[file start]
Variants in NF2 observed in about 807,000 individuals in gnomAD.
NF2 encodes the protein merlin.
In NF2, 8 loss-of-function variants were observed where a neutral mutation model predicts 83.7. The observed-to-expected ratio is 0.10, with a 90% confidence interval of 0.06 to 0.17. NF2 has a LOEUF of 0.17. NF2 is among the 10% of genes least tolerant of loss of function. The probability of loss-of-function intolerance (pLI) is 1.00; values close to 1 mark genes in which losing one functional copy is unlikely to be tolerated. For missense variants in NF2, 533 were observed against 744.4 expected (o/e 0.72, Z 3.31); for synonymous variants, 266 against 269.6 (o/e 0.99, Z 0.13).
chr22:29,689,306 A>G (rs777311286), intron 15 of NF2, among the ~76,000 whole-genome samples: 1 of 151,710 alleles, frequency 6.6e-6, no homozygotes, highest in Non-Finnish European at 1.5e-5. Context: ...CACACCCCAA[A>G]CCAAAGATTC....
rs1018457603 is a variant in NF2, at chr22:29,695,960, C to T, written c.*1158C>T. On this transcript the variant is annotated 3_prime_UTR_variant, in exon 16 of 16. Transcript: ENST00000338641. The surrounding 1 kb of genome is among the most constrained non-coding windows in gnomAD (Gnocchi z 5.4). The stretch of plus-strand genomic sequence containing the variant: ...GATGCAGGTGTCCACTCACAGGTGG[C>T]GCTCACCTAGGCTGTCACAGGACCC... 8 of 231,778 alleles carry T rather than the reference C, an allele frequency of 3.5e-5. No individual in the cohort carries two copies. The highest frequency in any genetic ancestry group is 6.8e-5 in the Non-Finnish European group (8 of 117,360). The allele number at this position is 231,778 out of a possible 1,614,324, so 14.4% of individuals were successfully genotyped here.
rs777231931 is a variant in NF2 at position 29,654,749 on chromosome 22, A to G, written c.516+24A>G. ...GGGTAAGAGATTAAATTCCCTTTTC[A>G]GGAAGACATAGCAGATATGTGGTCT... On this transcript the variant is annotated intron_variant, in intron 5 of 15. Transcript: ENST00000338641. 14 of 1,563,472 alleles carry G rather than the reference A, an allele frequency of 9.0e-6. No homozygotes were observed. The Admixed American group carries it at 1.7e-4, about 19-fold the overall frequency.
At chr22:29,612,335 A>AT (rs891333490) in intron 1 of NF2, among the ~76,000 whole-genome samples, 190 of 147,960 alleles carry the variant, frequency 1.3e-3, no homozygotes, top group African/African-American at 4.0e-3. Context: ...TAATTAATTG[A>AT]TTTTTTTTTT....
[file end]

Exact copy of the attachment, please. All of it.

Variants in NF2 observed in about 807,000 individuals in gnomAD.
NF2 encodes the protein merlin.
In NF2, 8 loss-of-function variants were observed where a neutral mutation model predicts 83.7. The observed-to-expected ratio is 0.10, with a 90% confidence interval of 0.06 to 0.17. NF2 has a LOEUF of 0.17. NF2 is among the 10% of genes least tolerant of loss of function. The probability of loss-of-function intolerance (pLI) is 1.00; values close to 1 mark genes in which losing one functional copy is unlikely to be tolerated. For missense variants in NF2, 533 were observed against 744.4 expected (o/e 0.72, Z 3.31); for synonymous variants, 266 against 269.6 (o/e 0.99, Z 0.13).
chr22:29,689,306 A>G (rs777311286), intron 15 of NF2, among the ~76,000 whole-genome samples: 1 of 151,710 alleles, frequency 6.6e-6, no homozygotes, highest in Non-Finnish European at 1.5e-5. Context: ...CACACCCCAA[A>G]CCAAAGATTC....
rs1018457603 is a variant in NF2, at chr22:29,695,960, C to T, written c.*1158C>T. On this transcript the variant is annotated 3_prime_UTR_variant, in exon 16 of 16. Transcript: ENST00000338641. The surrounding 1 kb of genome is among the most constrained non-coding windows in gnomAD (Gnocchi z 5.4). The stretch of plus-strand genomic sequence containing the variant: ...GATGCAGGTGTCCACTCACAGGTGG[C>T]GCTCACCTAGGCTGTCACAGGACCC... 8 of 231,778 alleles carry T rather than the reference C, an allele frequency of 3.5e-5. No individual in the cohort carries two copies. The highest frequency in any genetic ancestry group is 6.8e-5 in the Non-Finnish European group (8 of 117,360). The allele number at this position is 231,778 out of a possible 1,614,324, so 14.4% of individuals were successfully genotyped here.
rs777231931 is a variant in NF2 at position 29,654,749 on chromosome 22, A to G, written c.516+24A>G. ...GGGTAAGAGATTAAATTCCCTTTTC[A>G]GGAAGACATAGCAGATATGTGGTCT... On this transcript the variant is annotated intron_variant, in intron 5 of 15. Transcript: ENST00000338641. 14 of 1,563,472 alleles carry G rather than the reference A, an allele frequency of 9.0e-6. No homozygotes were observed. The Admixed American group carries it at 1.7e-4, about 19-fold the overall frequency.
At chr22:29,612,335 A>AT (rs891333490) in intron 1 of NF2, among the ~76,000 whole-genome samples, 190 of 147,960 alleles carry the variant, frequency 1.3e-3, no homozygotes, top group African/African-American at 4.0e-3. Context: ...TAATTAATTG[A>AT]TTTTTTTTTT....